In 1982, Lamport introduced this theoretical conundrum in a seminal paper titled "The Byzantine Generals Problem", demonstrating the challenges of achieving consensus among a network of unreliable or malicious components. The problem was formulated as a metaphorical scenario where a group of Byzantine generals, commanding different divisions of an army, must coordinate their attack or retreat on a common enemy. Lamport's innovative formulation revealed the complexities of ensuring a consensus among the generals, especially when some might be traitorous or unreliable, highlighting the need for fault-tolerant algorithms to reach a reliable agreement despite the presence of deceitful or faulty elements in a distributed system. His work laid the theoretical foundation for consensus protocols in distributed systems, profoundly influencing the development of blockchain technology and its mechanisms for achieving consensus among decentralized network participants.

Lamport's Byzantine Generals Problem remains a fundamental concept in understanding and addressing the challenges of achieving consensus in distributed computing systems, serving as a cornerstone in the evolution of fault-tolerant and decentralized systems.


Example 1: Every system could experience a byzantine fault problem, different components of an electronic system could be faulty, the ability of the system to continue operating even though it is not at its optimal performance, indicates it has a tolerance. The concept is more defined in a system where decisions are made by democracy ( the choice or option with the most supporters) and not through a central authority.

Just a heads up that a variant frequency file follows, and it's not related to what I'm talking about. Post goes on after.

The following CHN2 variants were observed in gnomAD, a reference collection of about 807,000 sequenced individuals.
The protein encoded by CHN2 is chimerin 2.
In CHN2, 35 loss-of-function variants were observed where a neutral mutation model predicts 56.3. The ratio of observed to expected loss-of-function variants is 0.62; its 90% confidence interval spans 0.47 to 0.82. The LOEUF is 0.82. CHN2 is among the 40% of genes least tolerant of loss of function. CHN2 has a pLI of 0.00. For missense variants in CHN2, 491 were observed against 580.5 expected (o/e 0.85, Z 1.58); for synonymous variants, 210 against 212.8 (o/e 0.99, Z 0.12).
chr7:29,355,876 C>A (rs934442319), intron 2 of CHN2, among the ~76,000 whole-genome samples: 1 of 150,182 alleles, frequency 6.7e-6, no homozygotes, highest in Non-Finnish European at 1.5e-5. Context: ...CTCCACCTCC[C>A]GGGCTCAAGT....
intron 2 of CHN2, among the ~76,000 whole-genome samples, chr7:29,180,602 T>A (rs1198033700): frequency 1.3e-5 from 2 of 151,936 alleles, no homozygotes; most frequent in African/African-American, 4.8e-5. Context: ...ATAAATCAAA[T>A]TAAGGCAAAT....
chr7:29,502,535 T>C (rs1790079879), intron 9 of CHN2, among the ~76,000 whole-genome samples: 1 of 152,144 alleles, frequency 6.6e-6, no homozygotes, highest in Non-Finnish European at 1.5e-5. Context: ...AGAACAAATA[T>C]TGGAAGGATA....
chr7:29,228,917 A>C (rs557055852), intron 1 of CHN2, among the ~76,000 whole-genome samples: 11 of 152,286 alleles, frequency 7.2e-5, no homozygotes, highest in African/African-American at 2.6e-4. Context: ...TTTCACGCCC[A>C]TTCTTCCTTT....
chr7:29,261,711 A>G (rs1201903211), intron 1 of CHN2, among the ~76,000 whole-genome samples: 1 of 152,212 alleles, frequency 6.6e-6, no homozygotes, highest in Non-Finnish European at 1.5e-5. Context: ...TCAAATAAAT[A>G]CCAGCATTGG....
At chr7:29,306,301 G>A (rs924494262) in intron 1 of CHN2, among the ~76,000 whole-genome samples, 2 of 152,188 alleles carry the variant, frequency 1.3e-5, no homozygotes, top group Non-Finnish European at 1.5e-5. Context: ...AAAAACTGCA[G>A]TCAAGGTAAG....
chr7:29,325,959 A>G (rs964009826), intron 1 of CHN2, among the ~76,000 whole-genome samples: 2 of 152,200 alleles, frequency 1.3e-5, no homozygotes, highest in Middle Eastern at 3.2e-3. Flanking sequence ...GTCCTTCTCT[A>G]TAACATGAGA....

Example 2: Only decentralized systems face the Byzantine Generals problem, as they have no reliable source of information and no way of verifying the information they receive from other members of the network. In centralized systems, an authority is trusted to publish true information and prevent false or fraudulent information from being spread throughout the network. i.e., if a bank did attempt to lie about a customer's balances or transactions, a central bank is trusted to rectify the breach of trust.

Example 3: Satoshi devised a means to use cryptographic security and public-key encryption to answer the Byzantine general problem in a digital electronic network. To prevent data tampering, cryptographic security uses hashing, a process of encoding. The identity of a network user is verified via public key encryption.

Example 4: Bitcoin managed to solve the Byzantine Generals Problem by using a Proof-of-Work mechanism in order to establish a clear, objective ruleset for the blockchain. In order to add information, called blocks, to the blockchain, a member of the network must publish proof that they invested considerable work into creating the block. This work imposes large costs on the creator, and thus incentivizes them to publish honest information.

  • Byzantine Fault Tolerance (BFT): Byzantine Fault Tolerance (BFT) is an important resilience system that is used in distributed computing systems. It ensures that if a system is attacked, the system will continue to work, despite the attack.

  • Distributed Network: A distributed network in cryptocurrency refers to a decentralized system where the data, transactions, and processing power are spread across many nodes in a network, rather than being concentrated in a central location.